Tag Archives: Japanese

Taking Time to Make a Luxury

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One of life’s little luxuries for me is drinking tea–when I am taking time to actually taste it, that is. There are those minutes when I am in a hurry and gulp it down, without noticing the taste, other than that it’s wet. Those minutes are not a state of luxury for me; they are more of necessity. I’m thirsty; I gulp it down. 

The moments of luxury come when I take the time to sip the beverage, hot or cold, and enjoy the taste of it. Those moments may come in relaxation, as when I’m sitting on the front porch watching the visiting bunny chow down the weeds and grass, or when I’m in the middle of some mental activity.

What makes the luxury is a sense of deliberateness, of making space for the enjoyment of the tea. In my mind I have a picture of pushing away my “to-do” list, however temporarily, for the sake of a quiet place of refreshment. That quiet place of refreshment both calms and revives me for what’s ahead. I guess you could call it my “adult time-out”.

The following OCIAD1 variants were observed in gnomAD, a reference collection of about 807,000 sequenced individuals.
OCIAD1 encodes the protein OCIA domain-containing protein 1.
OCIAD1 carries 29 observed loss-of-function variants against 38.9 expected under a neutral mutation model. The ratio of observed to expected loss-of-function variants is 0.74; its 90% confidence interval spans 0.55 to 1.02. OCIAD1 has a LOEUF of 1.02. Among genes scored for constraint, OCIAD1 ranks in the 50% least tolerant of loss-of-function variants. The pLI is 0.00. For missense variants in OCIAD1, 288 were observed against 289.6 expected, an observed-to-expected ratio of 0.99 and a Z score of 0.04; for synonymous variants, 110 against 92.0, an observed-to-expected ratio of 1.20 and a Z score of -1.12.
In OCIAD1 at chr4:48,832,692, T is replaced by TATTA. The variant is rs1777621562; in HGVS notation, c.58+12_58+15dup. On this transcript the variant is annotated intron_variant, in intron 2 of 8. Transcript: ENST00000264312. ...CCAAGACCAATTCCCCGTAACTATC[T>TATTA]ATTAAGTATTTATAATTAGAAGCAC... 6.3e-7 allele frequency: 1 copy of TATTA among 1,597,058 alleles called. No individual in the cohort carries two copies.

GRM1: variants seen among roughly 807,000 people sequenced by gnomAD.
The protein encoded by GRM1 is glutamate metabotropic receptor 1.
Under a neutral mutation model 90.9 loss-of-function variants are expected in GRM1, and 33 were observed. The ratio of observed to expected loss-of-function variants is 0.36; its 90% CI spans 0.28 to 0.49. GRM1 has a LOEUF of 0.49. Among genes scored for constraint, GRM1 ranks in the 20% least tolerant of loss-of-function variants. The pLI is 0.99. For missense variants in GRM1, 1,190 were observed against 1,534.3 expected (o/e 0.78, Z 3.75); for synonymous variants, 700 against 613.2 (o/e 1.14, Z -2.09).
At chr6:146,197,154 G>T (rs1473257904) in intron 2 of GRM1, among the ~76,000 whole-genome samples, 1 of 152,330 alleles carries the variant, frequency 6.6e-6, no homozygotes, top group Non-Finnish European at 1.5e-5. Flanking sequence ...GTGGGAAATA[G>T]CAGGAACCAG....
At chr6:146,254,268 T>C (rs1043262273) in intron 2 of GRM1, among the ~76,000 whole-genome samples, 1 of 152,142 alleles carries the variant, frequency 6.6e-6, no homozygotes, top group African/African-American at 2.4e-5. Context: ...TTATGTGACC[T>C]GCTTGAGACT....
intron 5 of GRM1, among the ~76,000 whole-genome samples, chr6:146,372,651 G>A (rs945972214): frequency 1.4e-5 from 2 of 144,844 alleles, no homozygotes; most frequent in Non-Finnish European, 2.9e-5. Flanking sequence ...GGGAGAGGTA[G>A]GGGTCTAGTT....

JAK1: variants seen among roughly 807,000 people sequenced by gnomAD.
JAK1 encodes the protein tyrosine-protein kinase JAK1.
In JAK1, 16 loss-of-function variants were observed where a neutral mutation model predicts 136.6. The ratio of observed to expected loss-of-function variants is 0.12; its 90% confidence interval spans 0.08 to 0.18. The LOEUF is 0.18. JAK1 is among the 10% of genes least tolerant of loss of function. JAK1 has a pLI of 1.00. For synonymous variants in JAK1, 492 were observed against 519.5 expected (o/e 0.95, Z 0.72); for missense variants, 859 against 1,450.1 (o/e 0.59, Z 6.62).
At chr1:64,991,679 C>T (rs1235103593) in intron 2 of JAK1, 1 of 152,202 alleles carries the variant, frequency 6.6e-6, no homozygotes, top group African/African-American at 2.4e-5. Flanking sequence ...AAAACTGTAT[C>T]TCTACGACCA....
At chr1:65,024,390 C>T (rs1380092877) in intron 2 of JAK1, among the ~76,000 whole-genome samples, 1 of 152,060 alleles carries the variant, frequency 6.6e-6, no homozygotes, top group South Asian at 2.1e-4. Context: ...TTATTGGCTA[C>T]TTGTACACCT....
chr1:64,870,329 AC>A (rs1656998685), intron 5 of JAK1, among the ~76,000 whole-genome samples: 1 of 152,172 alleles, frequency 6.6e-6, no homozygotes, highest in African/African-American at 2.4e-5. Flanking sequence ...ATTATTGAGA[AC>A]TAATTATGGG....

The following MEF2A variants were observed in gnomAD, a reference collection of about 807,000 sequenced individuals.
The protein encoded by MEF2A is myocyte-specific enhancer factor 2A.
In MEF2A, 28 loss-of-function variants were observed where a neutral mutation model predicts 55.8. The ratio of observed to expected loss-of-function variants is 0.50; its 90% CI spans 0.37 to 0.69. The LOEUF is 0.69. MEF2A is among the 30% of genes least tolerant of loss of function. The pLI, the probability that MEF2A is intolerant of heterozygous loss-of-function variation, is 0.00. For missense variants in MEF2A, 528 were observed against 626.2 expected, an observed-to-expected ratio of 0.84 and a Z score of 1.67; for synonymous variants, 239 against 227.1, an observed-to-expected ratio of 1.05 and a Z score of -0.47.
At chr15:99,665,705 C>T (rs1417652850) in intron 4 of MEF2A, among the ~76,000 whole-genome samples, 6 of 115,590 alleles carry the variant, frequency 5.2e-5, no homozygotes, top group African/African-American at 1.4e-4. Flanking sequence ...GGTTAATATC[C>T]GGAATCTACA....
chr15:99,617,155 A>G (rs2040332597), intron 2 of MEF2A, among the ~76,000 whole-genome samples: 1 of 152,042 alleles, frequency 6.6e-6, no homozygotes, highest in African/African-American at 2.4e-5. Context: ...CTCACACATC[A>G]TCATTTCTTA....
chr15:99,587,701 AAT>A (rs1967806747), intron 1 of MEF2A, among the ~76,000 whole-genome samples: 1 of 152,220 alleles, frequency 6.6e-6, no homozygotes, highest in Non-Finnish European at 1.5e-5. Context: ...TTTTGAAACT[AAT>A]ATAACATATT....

While Americans  generally don’t put a whole lot of emphasis on tea-drinking, the English and Japanese are known for the rituals they developed for tea time. I don’t know if they still keep those rituals or not, perhaps a reader could fill me in. I hope they do. The world goes faster every day. In such a world, you need to deliberately take time to slow down and enjoy some luxury. It makes life richer.

©P. Booher

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